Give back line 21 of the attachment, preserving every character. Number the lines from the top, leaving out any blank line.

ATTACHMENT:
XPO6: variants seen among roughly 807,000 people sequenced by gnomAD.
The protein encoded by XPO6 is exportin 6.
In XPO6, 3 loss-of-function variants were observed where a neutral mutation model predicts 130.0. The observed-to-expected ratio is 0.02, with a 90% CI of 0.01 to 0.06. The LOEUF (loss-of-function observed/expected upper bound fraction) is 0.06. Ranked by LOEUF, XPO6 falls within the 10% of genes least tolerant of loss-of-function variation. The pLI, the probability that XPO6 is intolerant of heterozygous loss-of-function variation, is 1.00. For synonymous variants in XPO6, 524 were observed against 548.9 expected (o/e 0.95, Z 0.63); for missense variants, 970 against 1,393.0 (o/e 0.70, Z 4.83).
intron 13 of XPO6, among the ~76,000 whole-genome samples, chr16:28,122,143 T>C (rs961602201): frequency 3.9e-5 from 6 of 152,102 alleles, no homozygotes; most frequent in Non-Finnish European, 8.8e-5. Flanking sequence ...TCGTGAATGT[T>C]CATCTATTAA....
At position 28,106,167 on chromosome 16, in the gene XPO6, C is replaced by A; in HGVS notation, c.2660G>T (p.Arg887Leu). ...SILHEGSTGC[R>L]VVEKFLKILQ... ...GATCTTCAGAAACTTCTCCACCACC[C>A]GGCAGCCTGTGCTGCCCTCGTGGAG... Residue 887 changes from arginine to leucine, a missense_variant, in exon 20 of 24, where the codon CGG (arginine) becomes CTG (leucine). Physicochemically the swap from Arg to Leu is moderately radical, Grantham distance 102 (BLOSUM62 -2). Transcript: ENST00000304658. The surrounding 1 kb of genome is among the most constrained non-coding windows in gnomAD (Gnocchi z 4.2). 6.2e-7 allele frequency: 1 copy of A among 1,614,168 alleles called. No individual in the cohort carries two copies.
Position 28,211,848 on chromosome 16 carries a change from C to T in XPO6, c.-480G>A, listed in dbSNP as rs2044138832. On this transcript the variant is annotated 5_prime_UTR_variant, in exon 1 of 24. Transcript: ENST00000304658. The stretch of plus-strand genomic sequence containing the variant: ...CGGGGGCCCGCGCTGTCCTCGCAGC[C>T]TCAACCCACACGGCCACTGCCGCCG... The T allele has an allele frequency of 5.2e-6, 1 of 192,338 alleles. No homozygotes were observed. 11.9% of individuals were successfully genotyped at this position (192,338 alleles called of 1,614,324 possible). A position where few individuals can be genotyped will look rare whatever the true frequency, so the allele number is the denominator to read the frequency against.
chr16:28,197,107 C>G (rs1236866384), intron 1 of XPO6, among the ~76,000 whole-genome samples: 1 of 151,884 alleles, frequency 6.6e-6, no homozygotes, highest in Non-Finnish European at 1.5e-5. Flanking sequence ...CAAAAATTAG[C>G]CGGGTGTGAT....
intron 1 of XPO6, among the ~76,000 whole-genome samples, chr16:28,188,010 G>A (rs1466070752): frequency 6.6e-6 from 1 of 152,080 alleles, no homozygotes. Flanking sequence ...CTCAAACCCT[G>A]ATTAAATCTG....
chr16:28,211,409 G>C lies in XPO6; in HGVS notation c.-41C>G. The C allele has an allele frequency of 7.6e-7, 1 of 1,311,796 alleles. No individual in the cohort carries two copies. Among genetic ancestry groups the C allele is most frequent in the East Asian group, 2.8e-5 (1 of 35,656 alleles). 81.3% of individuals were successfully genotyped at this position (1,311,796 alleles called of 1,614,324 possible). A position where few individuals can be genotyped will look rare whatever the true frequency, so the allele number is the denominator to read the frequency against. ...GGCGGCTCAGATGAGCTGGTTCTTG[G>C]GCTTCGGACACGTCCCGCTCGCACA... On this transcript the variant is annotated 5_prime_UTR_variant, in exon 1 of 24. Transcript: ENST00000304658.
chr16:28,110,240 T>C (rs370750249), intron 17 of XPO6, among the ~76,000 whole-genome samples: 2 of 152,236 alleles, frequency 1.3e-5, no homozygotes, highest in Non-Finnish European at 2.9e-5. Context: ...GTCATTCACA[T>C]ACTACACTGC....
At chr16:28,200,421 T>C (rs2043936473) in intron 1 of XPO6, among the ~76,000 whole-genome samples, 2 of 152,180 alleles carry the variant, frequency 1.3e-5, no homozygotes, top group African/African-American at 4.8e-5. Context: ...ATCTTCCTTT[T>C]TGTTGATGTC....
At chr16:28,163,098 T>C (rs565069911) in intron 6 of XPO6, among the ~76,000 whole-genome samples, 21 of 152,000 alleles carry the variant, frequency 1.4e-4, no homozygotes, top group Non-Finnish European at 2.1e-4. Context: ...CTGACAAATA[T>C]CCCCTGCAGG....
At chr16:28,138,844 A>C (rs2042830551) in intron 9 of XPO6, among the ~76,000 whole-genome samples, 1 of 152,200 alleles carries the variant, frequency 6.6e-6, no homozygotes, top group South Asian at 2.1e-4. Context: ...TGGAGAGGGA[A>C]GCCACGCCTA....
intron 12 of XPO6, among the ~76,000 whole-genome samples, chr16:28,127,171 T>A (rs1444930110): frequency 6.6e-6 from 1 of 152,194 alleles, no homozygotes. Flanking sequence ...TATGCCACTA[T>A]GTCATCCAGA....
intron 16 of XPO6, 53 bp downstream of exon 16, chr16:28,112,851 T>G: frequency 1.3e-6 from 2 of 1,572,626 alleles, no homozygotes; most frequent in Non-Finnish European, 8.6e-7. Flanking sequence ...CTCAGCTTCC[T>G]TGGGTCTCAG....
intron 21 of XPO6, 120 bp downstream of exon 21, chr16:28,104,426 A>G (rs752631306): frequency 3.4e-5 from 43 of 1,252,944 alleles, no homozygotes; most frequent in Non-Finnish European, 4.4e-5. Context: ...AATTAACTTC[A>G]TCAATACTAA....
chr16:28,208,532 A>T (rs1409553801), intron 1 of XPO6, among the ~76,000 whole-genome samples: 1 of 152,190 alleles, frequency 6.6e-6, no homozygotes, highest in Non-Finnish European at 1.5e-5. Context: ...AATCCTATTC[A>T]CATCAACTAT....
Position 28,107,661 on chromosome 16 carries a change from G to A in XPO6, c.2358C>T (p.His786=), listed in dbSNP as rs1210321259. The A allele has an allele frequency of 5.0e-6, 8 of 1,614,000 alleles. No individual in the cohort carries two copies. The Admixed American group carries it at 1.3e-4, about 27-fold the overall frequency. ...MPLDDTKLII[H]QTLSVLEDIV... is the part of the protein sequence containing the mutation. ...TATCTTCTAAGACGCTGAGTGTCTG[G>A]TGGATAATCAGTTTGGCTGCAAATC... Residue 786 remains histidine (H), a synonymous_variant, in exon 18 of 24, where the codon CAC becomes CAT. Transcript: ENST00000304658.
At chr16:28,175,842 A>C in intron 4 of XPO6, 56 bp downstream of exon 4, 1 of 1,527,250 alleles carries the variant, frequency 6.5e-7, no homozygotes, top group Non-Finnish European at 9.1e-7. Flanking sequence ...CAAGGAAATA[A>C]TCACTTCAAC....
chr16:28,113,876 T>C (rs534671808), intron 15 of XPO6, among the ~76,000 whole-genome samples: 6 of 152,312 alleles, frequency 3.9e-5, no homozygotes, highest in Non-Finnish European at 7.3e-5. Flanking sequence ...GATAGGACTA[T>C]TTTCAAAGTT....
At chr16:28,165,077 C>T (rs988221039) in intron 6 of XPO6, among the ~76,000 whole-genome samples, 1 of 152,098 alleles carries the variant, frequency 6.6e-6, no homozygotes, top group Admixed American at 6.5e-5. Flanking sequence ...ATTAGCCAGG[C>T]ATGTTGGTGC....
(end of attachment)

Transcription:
At chr16:28,165,077 C>T (rs988221039) in intron 6 of XPO6, among the ~76,000 whole-genome samples, 1 of 152,098 alleles carries the variant, frequency 6.6e-6, no homozygotes, top group Admixed American at 6.5e-5. Flanking sequence ...ATTAGCCAGG[C>T]ATGTTGGTGC....